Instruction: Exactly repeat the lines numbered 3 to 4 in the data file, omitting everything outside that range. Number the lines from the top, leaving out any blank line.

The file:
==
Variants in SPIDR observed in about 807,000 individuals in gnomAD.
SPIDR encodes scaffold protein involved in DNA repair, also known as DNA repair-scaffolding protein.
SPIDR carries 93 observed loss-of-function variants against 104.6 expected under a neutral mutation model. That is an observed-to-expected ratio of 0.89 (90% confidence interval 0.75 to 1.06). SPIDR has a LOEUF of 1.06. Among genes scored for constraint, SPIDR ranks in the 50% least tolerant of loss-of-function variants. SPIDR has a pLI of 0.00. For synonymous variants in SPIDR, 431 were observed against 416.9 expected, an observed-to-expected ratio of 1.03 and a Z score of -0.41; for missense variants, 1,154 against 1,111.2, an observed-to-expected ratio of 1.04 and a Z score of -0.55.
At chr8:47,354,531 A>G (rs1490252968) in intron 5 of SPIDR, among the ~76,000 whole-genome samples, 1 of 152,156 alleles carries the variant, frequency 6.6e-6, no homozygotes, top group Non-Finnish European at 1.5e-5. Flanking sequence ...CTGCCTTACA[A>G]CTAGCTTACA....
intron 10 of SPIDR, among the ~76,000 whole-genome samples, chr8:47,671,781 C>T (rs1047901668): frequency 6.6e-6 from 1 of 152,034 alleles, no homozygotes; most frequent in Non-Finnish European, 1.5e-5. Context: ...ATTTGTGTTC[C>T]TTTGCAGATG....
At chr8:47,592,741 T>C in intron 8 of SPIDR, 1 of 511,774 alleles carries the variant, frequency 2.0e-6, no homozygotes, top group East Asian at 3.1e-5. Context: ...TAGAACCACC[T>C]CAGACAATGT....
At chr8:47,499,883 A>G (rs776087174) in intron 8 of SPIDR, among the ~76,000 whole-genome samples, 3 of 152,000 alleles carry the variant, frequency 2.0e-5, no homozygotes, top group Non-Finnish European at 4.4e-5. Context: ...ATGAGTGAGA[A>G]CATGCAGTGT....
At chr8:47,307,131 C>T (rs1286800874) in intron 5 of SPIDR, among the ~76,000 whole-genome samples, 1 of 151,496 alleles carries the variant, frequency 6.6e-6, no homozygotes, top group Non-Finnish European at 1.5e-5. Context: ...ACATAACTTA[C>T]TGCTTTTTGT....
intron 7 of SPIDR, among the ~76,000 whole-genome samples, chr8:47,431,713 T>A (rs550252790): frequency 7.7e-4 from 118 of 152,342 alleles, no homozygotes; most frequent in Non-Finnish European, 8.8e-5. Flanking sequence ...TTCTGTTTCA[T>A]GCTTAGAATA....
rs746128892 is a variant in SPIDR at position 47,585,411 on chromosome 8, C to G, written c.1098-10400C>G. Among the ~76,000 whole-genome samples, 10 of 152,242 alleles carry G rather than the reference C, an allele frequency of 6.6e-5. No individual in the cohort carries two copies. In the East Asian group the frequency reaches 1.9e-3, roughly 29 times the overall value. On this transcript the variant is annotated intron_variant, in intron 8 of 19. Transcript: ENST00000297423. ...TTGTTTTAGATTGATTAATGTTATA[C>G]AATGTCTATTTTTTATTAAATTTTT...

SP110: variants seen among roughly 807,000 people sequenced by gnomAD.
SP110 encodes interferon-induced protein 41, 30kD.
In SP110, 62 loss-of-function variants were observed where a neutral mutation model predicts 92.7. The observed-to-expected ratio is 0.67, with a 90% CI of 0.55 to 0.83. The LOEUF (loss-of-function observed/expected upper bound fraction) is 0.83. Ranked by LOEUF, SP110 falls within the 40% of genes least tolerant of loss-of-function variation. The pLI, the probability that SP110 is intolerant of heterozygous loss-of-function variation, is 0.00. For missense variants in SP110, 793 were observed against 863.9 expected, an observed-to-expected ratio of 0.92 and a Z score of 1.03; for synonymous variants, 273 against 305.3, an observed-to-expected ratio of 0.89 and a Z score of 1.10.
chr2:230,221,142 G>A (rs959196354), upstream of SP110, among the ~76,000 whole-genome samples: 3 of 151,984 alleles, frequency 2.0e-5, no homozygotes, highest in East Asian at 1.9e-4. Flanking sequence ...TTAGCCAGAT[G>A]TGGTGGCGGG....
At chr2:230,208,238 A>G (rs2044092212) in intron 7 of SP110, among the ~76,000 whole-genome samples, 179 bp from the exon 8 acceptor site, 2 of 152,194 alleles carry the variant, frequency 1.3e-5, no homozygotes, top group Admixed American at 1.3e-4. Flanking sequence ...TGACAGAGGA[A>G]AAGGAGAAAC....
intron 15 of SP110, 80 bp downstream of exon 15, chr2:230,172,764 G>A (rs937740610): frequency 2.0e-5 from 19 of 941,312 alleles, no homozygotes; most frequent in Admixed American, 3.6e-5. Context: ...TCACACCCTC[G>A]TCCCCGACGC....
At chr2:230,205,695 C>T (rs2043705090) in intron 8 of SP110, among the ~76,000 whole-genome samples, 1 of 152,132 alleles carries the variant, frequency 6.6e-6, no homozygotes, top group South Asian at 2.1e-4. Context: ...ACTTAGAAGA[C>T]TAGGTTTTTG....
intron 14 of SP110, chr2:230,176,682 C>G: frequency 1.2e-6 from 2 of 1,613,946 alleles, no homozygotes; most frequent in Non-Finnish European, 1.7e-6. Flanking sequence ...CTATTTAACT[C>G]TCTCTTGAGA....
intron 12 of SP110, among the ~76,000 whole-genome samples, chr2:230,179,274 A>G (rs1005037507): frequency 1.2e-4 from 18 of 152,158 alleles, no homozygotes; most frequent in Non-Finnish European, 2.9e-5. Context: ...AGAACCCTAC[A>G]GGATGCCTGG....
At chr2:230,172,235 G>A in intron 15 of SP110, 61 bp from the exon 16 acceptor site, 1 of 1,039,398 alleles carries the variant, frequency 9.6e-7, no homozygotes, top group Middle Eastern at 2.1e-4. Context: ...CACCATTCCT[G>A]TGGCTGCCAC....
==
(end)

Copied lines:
SPIDR carries 93 observed loss-of-function variants against 104.6 expected under a neutral mutation model. That is an observed-to-expected ratio of 0.89 (90% confidence interval 0.75 to 1.06). SPIDR has a LOEUF of 1.06. Among genes scored for constraint, SPIDR ranks in the 50% least tolerant of loss-of-function variants. SPIDR has a pLI of 0.00. For synonymous variants in SPIDR, 431 were observed against 416.9 expected, an observed-to-expected ratio of 1.03 and a Z score of -0.41; for missense variants, 1,154 against 1,111.2, an observed-to-expected ratio of 1.04 and a Z score of -0.55.
At chr8:47,354,531 A>G (rs1490252968) in intron 5 of SPIDR, among the ~76,000 whole-genome samples, 1 of 152,156 alleles carries the variant, frequency 6.6e-6, no homozygotes, top group Non-Finnish European at 1.5e-5. Flanking sequence ...CTGCCTTACA[A>G]CTAGCTTACA....